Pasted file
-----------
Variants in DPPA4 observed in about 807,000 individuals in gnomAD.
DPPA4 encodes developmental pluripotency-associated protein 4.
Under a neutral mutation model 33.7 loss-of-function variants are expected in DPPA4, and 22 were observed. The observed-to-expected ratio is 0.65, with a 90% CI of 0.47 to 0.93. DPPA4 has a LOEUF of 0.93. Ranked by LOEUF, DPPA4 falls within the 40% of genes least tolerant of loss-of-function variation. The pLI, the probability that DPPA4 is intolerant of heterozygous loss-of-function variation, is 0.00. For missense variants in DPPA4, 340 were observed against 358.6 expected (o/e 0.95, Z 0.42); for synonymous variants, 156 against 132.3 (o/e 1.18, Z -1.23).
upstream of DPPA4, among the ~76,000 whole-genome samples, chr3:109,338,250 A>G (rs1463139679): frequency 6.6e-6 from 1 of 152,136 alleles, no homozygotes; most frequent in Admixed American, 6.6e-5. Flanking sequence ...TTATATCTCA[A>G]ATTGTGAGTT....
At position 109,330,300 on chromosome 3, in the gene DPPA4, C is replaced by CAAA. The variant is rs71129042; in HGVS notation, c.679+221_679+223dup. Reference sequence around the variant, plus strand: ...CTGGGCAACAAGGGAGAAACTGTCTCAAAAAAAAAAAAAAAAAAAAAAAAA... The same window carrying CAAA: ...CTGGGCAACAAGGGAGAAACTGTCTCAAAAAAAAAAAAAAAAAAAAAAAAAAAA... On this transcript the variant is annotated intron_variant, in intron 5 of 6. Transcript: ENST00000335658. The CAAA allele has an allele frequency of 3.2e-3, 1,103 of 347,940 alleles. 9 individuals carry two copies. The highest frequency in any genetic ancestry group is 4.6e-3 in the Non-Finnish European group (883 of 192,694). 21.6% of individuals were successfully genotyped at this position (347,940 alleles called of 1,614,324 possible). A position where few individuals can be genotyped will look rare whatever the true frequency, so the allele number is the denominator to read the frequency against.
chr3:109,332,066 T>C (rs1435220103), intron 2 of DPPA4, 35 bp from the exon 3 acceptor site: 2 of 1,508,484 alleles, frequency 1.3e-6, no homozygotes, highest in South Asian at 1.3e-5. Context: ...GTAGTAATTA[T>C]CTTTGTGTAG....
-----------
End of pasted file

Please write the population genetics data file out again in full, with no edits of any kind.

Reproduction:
Variants in DPPA4 observed in about 807,000 individuals in gnomAD.
DPPA4 encodes developmental pluripotency-associated protein 4.
Under a neutral mutation model 33.7 loss-of-function variants are expected in DPPA4, and 22 were observed. The observed-to-expected ratio is 0.65, with a 90% CI of 0.47 to 0.93. DPPA4 has a LOEUF of 0.93. Ranked by LOEUF, DPPA4 falls within the 40% of genes least tolerant of loss-of-function variation. The pLI, the probability that DPPA4 is intolerant of heterozygous loss-of-function variation, is 0.00. For missense variants in DPPA4, 340 were observed against 358.6 expected (o/e 0.95, Z 0.42); for synonymous variants, 156 against 132.3 (o/e 1.18, Z -1.23).
upstream of DPPA4, among the ~76,000 whole-genome samples, chr3:109,338,250 A>G (rs1463139679): frequency 6.6e-6 from 1 of 152,136 alleles, no homozygotes; most frequent in Admixed American, 6.6e-5. Flanking sequence ...TTATATCTCA[A>G]ATTGTGAGTT....
At position 109,330,300 on chromosome 3, in the gene DPPA4, C is replaced by CAAA. The variant is rs71129042; in HGVS notation, c.679+221_679+223dup. Reference sequence around the variant, plus strand: ...CTGGGCAACAAGGGAGAAACTGTCTCAAAAAAAAAAAAAAAAAAAAAAAAA... The same window carrying CAAA: ...CTGGGCAACAAGGGAGAAACTGTCTCAAAAAAAAAAAAAAAAAAAAAAAAAAAA... On this transcript the variant is annotated intron_variant, in intron 5 of 6. Transcript: ENST00000335658. The CAAA allele has an allele frequency of 3.2e-3, 1,103 of 347,940 alleles. 9 individuals carry two copies. The highest frequency in any genetic ancestry group is 4.6e-3 in the Non-Finnish European group (883 of 192,694). 21.6% of individuals were successfully genotyped at this position (347,940 alleles called of 1,614,324 possible). A position where few individuals can be genotyped will look rare whatever the true frequency, so the allele number is the denominator to read the frequency against.
chr3:109,332,066 T>C (rs1435220103), intron 2 of DPPA4, 35 bp from the exon 3 acceptor site: 2 of 1,508,484 alleles, frequency 1.3e-6, no homozygotes, highest in South Asian at 1.3e-5. Context: ...GTAGTAATTA[T>C]CTTTGTGTAG....